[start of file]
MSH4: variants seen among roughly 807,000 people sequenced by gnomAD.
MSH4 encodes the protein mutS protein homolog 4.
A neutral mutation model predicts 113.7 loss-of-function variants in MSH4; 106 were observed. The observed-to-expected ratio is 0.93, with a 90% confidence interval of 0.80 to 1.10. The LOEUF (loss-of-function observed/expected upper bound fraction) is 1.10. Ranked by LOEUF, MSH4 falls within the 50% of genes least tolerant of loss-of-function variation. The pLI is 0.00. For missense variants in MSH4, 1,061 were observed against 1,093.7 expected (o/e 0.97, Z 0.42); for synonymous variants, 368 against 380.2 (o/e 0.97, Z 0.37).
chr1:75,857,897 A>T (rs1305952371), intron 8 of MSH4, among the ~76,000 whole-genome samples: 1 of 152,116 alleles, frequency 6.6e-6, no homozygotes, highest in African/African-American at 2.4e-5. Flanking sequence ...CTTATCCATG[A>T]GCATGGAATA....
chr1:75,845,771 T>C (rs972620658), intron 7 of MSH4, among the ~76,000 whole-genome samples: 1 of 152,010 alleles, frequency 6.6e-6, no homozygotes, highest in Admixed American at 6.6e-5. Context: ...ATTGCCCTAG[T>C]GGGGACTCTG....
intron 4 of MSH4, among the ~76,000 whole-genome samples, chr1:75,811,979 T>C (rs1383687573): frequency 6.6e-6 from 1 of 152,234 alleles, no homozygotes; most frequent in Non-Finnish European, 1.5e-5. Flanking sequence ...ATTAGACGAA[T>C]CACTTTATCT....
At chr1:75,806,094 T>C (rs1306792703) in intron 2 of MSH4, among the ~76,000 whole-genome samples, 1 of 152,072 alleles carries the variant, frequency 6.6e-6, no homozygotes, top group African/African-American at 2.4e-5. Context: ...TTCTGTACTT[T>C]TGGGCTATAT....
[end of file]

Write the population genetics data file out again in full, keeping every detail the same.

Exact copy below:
MSH4: variants seen among roughly 807,000 people sequenced by gnomAD.
MSH4 encodes the protein mutS protein homolog 4.
A neutral mutation model predicts 113.7 loss-of-function variants in MSH4; 106 were observed. The observed-to-expected ratio is 0.93, with a 90% confidence interval of 0.80 to 1.10. The LOEUF (loss-of-function observed/expected upper bound fraction) is 1.10. Ranked by LOEUF, MSH4 falls within the 50% of genes least tolerant of loss-of-function variation. The pLI is 0.00. For missense variants in MSH4, 1,061 were observed against 1,093.7 expected (o/e 0.97, Z 0.42); for synonymous variants, 368 against 380.2 (o/e 0.97, Z 0.37).
chr1:75,857,897 A>T (rs1305952371), intron 8 of MSH4, among the ~76,000 whole-genome samples: 1 of 152,116 alleles, frequency 6.6e-6, no homozygotes, highest in African/African-American at 2.4e-5. Flanking sequence ...CTTATCCATG[A>T]GCATGGAATA....
chr1:75,845,771 T>C (rs972620658), intron 7 of MSH4, among the ~76,000 whole-genome samples: 1 of 152,010 alleles, frequency 6.6e-6, no homozygotes, highest in Admixed American at 6.6e-5. Context: ...ATTGCCCTAG[T>C]GGGGACTCTG....
intron 4 of MSH4, among the ~76,000 whole-genome samples, chr1:75,811,979 T>C (rs1383687573): frequency 6.6e-6 from 1 of 152,234 alleles, no homozygotes; most frequent in Non-Finnish European, 1.5e-5. Flanking sequence ...ATTAGACGAA[T>C]CACTTTATCT....
At chr1:75,806,094 T>C (rs1306792703) in intron 2 of MSH4, among the ~76,000 whole-genome samples, 1 of 152,072 alleles carries the variant, frequency 6.6e-6, no homozygotes, top group African/African-American at 2.4e-5. Context: ...TTCTGTACTT[T>C]TGGGCTATAT....